Conference participants said an immediate fight will occur over credentials for lobbyists from so-called non-government organizations (NGOs), heavily dominated by liberal feminists, who are trying to limit last-minute negotiating by more conservative NGOs aligned with the G-77.
"JUSCANZ attempted to hijack the preparatory negotiations in March by pushing a consensus over issues regarded as objectionable and unconstitutional by many developing nations, the Arab nations, and the Holy See," the Vatican's delegation at the United Nations, said Maria Sophia Aguirre, an NGO representative of the National Institute of Womanhood, based in Bethesda, Md.
"Perhaps one of the more contentious of the JUSCANZ-backed issues was language regarding the reproductive rights of the girl-child," Mrs. Aguirre said. "Such language aimed to ensure the girl-child's right to a 'full realization' of her sexuality and sought to entitle the girl-child to private and confidential sexual and reproductive information, counseling and services 'both in and out of school' by implementing national mechanisms, policies and programs."
Mrs. Aguirre said the attempted expansion of U.N. women's rights initiatives to cover minor children in the sexual realm has "angered" women from less-developed countries, where religious faith is strong.
According to the draft document, updated as of yesterday on the United Nations' Internet Web site, the Clinton administration is backing efforts to block language in support of religious and cultural values of individual countries and regions, and to uphold the national sovereignty of countries when they disagree with a U.N. position in the name of women's rights.
The report records the United States, as part of the JUSCANZ bloc, in opposition to language promoted by the G-77 nations that it is the "sovereign responsibility of each state," depending on its own religious, ethical and cultural values and convictions of its own populace, to implement the goals of the U.N. equal rights agenda for women.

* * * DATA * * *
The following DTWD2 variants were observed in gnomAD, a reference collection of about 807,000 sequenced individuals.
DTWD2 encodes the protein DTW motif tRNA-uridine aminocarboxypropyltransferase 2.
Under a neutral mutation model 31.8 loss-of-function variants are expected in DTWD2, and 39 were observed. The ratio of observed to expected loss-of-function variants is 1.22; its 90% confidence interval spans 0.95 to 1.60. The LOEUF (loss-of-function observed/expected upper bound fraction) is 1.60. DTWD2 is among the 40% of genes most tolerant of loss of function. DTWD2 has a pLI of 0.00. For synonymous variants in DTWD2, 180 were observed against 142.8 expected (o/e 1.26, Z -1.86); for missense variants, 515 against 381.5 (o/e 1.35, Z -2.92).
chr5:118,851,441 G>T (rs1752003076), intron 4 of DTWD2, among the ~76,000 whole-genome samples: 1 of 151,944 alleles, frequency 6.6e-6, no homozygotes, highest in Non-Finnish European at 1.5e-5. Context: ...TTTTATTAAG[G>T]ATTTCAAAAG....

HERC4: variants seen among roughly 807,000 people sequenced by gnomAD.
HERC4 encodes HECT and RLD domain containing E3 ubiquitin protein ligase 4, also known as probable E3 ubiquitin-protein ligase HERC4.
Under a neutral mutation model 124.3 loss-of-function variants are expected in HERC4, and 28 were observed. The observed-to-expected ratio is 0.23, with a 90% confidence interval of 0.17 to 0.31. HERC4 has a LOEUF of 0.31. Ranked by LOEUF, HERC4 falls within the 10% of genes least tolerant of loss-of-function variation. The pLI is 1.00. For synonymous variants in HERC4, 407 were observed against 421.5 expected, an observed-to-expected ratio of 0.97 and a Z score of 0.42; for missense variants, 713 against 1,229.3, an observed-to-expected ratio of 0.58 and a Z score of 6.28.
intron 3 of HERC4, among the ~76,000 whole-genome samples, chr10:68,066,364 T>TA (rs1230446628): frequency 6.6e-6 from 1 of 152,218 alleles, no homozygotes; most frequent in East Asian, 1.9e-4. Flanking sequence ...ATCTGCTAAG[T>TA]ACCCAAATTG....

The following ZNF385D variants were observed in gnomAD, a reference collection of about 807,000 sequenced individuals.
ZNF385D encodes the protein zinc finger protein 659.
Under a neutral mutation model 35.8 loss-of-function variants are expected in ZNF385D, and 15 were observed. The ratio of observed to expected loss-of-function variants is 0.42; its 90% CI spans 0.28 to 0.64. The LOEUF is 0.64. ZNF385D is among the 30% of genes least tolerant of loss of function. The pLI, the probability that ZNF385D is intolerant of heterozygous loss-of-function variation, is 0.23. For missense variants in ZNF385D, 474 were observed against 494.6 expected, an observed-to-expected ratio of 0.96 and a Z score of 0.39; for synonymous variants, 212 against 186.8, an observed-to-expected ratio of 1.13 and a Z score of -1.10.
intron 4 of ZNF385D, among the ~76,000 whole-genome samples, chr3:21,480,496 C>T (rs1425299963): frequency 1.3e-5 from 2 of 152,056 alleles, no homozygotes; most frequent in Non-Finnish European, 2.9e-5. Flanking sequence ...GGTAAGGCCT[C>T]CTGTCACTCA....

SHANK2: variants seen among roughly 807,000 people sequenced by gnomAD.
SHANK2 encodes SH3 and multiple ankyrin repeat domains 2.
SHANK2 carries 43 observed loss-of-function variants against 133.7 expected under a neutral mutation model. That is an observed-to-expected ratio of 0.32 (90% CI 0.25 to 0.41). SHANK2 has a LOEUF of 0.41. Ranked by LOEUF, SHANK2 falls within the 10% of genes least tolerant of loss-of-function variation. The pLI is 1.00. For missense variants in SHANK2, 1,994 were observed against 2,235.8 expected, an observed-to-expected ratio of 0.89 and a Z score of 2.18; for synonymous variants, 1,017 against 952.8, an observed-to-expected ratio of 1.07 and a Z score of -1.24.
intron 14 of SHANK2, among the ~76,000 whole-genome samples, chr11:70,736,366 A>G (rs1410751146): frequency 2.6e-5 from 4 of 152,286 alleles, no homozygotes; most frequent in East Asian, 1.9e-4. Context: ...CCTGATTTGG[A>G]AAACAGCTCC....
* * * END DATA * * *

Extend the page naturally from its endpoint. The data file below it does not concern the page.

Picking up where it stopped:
Another statement unacceptable to developed countries calls on world governments to "promote responsible sexual behavior, including abstinence."
Instead, JUSCANZ and EU countries want the U.N. report to call on world governments to provide "male and female condoms, voluntary HIV testing and counseling, and intensify research on . . . microbicides and vaccines . . ., provide access to adequate and affordable treatment and care for people with sexually transmitted diseases, HIV and . . . infections such as tuberculosis."
Mr. Ruse described the U.N. special session as "a left-wing hootenanny." He said efforts by G-77 nations and the Holy See to modify the draft U.N. women's agenda for the next five years were backed by "a coalition of people with strong faith" among official government delegates and NGO lobbyists at the General Assembly special session. He said the coalition included "orthodox Catholics, evangelical Christians, Mormons and Muslims."